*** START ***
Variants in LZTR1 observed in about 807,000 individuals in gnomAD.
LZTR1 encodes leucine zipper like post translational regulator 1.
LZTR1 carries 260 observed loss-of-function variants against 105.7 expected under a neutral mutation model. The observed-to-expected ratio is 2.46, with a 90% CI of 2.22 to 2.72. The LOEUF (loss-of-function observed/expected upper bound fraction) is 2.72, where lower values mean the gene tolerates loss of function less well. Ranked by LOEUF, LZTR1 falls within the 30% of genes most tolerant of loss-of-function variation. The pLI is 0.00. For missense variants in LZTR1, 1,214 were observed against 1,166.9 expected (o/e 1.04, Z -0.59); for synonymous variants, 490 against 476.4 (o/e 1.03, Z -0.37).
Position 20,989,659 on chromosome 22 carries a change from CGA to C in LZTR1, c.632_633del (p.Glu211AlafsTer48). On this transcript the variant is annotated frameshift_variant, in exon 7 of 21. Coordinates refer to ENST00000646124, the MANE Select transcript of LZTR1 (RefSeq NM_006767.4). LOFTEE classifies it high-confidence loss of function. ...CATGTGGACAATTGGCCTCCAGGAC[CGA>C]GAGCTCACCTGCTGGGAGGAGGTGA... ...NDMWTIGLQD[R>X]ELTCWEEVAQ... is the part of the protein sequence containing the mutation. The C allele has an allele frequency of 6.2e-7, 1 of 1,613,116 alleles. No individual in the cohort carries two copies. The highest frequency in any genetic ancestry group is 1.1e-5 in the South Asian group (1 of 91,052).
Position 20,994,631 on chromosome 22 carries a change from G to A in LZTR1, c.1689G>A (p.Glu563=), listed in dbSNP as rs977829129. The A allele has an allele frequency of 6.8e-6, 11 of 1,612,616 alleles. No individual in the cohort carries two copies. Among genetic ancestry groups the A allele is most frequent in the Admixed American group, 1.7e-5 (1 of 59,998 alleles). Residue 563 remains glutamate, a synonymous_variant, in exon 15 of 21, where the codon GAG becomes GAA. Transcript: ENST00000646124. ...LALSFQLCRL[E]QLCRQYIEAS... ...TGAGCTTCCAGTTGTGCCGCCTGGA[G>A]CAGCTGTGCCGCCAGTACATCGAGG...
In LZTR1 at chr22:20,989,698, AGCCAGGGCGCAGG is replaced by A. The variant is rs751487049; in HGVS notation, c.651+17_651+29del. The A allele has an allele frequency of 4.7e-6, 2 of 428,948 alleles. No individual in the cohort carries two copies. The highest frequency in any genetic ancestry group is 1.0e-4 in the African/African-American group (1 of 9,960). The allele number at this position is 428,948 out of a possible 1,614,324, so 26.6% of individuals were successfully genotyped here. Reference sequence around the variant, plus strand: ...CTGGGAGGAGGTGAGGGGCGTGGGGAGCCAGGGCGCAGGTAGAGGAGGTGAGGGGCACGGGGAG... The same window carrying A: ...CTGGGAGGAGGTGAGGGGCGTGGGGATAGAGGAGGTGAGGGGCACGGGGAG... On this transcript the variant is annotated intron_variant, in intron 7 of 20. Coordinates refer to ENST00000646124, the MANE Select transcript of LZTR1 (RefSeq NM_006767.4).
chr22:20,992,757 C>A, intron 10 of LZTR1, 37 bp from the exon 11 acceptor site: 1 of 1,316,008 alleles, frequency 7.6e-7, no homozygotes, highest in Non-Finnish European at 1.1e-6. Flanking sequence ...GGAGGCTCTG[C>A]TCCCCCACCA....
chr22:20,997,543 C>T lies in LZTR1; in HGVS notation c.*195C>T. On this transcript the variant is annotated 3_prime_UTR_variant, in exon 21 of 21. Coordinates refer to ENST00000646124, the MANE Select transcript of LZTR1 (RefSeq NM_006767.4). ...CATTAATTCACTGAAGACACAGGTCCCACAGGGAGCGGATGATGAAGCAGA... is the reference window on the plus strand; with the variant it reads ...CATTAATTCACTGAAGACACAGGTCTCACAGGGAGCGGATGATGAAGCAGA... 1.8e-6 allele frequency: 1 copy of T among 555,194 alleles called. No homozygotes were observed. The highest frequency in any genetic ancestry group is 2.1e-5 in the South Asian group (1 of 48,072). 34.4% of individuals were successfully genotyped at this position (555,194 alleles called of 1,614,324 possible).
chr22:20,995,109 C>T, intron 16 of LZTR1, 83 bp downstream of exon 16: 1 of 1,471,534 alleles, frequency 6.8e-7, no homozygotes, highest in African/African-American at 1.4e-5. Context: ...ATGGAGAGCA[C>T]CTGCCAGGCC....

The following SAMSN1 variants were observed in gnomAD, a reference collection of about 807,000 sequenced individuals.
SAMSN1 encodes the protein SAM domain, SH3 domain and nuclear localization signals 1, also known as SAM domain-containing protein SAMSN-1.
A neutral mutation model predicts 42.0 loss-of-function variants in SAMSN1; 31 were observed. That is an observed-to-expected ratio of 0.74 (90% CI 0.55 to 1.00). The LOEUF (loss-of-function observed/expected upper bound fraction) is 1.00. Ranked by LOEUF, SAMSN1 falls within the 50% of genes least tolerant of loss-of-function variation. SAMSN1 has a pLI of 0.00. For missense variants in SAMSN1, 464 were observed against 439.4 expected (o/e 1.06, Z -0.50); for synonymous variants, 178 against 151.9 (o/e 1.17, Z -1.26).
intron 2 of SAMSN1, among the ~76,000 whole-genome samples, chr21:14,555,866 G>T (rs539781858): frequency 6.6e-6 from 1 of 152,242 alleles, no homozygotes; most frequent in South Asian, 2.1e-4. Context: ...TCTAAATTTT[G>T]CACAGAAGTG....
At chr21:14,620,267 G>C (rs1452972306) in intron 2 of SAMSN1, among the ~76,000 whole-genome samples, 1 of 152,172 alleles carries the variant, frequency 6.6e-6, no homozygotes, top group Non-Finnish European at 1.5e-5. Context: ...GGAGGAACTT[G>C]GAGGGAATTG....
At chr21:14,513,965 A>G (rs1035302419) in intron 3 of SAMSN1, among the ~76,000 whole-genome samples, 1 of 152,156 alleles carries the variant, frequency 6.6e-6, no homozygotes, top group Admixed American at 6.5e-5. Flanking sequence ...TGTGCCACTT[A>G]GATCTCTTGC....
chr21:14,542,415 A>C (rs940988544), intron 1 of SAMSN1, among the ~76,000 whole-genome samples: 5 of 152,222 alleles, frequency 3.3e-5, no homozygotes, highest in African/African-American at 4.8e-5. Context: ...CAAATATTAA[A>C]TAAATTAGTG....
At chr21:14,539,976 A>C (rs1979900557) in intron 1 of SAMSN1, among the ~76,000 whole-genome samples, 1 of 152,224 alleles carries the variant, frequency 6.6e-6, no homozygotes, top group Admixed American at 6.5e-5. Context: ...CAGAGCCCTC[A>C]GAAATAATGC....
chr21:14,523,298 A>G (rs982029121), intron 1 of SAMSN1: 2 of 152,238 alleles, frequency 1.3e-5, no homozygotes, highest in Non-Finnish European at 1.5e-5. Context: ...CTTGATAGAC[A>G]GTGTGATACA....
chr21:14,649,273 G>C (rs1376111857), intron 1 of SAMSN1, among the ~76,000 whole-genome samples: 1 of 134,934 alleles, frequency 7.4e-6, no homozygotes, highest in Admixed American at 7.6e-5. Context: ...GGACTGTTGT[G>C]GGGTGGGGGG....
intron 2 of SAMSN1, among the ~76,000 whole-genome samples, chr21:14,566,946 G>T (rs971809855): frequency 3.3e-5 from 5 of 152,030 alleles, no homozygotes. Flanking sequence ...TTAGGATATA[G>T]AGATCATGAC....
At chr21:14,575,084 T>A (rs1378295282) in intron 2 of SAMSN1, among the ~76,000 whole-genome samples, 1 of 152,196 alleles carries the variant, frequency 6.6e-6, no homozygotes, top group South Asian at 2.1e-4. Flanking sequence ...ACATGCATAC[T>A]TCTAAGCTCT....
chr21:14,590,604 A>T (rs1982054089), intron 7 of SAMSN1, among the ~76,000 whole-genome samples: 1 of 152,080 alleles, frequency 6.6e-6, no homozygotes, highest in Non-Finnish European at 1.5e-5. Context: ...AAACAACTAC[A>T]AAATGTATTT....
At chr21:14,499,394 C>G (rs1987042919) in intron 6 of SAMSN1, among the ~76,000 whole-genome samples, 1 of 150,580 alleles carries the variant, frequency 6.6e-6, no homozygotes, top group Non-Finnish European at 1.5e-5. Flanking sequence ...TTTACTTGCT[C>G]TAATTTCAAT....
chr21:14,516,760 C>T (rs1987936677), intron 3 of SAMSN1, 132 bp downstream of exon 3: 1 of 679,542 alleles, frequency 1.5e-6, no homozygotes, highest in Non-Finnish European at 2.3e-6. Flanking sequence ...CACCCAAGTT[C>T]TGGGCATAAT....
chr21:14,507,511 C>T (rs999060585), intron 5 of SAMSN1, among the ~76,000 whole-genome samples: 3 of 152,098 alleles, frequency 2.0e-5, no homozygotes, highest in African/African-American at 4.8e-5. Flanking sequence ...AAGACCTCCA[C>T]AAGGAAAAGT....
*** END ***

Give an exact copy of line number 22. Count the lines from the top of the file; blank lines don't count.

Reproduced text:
chr21:14,590,604 A>T (rs1982054089), intron 7 of SAMSN1, among the ~76,000 whole-genome samples: 1 of 152,080 alleles, frequency 6.6e-6, no homozygotes, highest in Non-Finnish European at 1.5e-5. Context: ...AAACAACTAC[A>T]AAATGTATTT....